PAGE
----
The initial operations of B-29 Superfortress bombers of the 20th Air Force against Japan were, for a variety of reasons, not nearly as successful as the Army Air Forces had hoped. The stupendous costs poured into building the B-29 fleet were compared to the meager returns of strategic bombing of industrial targets, and the math was bad. For one thing, the jet stream over Japan (and the higher operating altitude of the B-29 compared to B-17 and B-24 types) meant bombing accuracy was somewhat appalling.
These poor results were a major factor in the well known switch from daytime precision bombing to night incendiary attacks that razed Tokyo and so many other cities in the last months of the war.
One other mission the B-29s undertook is virtually forgotten today, but had an impact far out of proportion to the effort expended.
That mission was Operation Starvation, the offensive aerial mining campaign against the Japanese home waters.
A simple glance at a map shows that as an island chain, Japan is critically dependent on sea traffic to move supplies, people, and commodities. Further, virtually all of Japan’s strategic industries were almost wholly dependent on commodities that had to be imported from either the islands of the South West Pacific or from the Asian mainland. From almost the first day of the war, the US Navy had instituted an effort to deny the Japanese the use of these sea lane, primarily through its submarine force.
At the urging of ADM King, GEN Hap Arnold agreed to devote a small percentage of 20th Air Force missions to aerial mining.
Beginning on March 27, 1945, B-29s of the 313th Bombardment Wing would eventually fly 1,529 sorties in 46 missions, and lay 12,135 mines. That accounted for just under 6% of 20th AF sorties. In return, postwar survey would reveal that the mines accounted for an astonishing 670 vessels sunk or damaged, with a tonnage of 1.25 million tons. Considering the Japanese merchant fleet was estimated to have only about 2 million tons available when the campaign began, this was a stunning return on investment.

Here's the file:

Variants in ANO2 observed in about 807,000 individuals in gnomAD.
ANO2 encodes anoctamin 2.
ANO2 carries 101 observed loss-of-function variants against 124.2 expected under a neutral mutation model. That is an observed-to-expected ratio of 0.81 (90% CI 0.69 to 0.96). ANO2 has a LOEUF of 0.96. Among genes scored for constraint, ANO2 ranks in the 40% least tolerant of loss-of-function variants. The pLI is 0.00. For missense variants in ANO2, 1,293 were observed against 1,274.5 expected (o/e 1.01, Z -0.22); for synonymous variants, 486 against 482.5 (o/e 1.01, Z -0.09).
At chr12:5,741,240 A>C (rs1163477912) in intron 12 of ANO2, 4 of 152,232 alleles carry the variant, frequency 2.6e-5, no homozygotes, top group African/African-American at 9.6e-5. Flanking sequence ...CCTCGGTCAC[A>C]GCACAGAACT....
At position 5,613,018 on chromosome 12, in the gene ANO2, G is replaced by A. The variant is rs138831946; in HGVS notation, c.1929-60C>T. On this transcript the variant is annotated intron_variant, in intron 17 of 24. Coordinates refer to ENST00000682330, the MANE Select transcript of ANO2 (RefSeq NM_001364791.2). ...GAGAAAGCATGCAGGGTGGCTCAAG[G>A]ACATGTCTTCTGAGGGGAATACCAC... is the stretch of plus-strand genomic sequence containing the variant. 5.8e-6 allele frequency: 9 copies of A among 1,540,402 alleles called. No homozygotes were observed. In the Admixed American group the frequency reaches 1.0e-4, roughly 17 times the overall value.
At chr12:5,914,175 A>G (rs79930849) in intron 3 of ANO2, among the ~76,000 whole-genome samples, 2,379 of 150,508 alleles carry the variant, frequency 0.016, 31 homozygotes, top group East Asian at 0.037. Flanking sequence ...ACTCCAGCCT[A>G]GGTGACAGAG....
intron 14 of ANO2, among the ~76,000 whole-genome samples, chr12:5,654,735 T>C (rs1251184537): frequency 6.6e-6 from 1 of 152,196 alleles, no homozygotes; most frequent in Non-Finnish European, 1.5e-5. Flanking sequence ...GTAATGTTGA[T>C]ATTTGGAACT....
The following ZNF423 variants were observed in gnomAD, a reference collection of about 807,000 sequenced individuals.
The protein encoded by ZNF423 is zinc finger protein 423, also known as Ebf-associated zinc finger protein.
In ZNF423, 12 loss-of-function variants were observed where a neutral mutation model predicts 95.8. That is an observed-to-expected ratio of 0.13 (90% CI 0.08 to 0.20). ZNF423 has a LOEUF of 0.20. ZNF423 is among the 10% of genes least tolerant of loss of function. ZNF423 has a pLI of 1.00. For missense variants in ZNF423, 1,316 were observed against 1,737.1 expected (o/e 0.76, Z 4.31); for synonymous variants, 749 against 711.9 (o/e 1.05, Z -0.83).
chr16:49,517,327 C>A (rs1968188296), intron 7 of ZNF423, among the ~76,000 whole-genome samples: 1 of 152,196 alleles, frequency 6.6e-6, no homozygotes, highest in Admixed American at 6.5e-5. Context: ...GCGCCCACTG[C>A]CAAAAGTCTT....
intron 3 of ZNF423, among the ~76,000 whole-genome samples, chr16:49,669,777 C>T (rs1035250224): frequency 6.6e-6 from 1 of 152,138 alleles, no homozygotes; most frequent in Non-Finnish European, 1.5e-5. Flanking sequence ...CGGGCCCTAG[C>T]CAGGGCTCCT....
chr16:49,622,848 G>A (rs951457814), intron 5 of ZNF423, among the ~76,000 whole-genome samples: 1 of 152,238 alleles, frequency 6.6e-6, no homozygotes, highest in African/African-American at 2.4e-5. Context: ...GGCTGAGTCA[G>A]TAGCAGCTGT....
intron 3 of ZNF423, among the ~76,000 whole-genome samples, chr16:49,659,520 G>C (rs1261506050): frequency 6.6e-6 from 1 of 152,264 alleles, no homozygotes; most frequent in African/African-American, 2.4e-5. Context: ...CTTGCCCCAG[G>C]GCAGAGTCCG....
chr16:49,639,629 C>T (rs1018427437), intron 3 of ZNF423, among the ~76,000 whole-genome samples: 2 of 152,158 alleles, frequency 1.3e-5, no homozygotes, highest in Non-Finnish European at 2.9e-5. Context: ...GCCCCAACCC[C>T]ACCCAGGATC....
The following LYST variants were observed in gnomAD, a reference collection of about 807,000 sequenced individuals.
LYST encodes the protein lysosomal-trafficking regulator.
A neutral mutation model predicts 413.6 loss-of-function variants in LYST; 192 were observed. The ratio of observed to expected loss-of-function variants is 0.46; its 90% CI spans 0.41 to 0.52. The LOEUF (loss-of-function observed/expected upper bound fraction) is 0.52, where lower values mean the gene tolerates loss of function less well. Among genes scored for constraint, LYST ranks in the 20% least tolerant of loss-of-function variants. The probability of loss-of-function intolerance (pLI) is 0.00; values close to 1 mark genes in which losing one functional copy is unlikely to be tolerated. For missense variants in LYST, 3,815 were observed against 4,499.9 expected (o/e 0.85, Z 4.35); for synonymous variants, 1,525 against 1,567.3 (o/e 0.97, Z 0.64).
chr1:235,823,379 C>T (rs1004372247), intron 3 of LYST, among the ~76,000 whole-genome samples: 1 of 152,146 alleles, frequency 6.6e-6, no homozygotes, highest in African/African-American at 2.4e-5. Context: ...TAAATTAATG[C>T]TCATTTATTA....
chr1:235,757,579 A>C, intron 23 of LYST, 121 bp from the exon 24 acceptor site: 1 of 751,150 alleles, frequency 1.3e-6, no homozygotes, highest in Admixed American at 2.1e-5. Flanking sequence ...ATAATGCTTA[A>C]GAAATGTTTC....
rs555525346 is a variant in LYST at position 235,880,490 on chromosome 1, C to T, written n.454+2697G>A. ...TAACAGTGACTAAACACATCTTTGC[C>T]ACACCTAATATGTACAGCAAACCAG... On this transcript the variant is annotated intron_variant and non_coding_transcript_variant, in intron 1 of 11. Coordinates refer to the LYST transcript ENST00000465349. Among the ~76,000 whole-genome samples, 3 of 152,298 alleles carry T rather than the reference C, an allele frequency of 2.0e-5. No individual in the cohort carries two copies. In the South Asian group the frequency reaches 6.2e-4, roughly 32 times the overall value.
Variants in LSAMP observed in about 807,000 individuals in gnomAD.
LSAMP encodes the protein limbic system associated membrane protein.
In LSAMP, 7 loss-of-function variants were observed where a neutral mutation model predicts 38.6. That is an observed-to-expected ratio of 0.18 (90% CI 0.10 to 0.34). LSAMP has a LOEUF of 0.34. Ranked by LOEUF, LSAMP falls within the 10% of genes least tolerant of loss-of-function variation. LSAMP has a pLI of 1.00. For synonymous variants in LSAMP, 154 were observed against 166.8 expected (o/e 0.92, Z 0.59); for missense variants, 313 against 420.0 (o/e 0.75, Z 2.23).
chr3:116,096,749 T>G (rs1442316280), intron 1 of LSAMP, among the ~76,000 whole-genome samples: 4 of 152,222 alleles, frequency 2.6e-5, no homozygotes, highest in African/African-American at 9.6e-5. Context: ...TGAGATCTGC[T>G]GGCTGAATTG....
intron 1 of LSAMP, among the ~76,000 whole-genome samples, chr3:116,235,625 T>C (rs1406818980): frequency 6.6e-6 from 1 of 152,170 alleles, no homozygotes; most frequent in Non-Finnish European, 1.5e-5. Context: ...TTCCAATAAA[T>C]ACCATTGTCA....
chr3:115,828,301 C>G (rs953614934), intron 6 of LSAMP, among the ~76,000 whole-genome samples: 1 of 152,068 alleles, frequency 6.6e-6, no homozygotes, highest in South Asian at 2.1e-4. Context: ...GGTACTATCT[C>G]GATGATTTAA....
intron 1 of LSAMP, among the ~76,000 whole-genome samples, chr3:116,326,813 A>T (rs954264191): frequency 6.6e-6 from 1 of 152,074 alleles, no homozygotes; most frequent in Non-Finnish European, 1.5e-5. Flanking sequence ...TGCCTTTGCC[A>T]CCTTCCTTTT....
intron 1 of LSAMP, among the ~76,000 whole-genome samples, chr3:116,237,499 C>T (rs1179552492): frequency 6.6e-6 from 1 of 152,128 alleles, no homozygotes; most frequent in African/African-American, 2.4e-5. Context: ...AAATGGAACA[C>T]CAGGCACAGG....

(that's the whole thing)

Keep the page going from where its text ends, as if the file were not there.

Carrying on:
Additionally, in addition to direct losses, the minefields effectively forced Japan to cease shipping to many ports, and through many sealanes. Operation Starvation was aptly named. Japan was unable to feed itself from domestic crops alone, and by the end of the war, the mining, combined with the submarine force blockade, meant that food shortages in Japan were rapidly becoming critical. Whether such a blockade would have been enough to preclude the need for the atomic attacks has been hotly debated for years, but clearly offensive aerial mining was a potent weapon against those nations that relied on the sea for their survival.
All this at a cost of only 15 B-29s lost, less than a 1% loss rate.
The US would not forget the success of Operation Starvation. When the US began its involvement in the Vietnam War, virtually the first request of the Joint Chiefs of Staff to the Johnson White House was to allow the aerial mining of Haiphong Harbor. President Johnson declined.
Eventually, in 1967, President Johnson would authorize the aerial mining of several rivers in North Vietnam, and on the night of February 26, 1967, for the first time since World War II, and for the first time ever by jet, the US delivered aerial mines that effectively shut down traffic on those rivers.
For a more detailed analysis of aerial mining in World War II, and especially Operation Starvation, read the paper submitted below.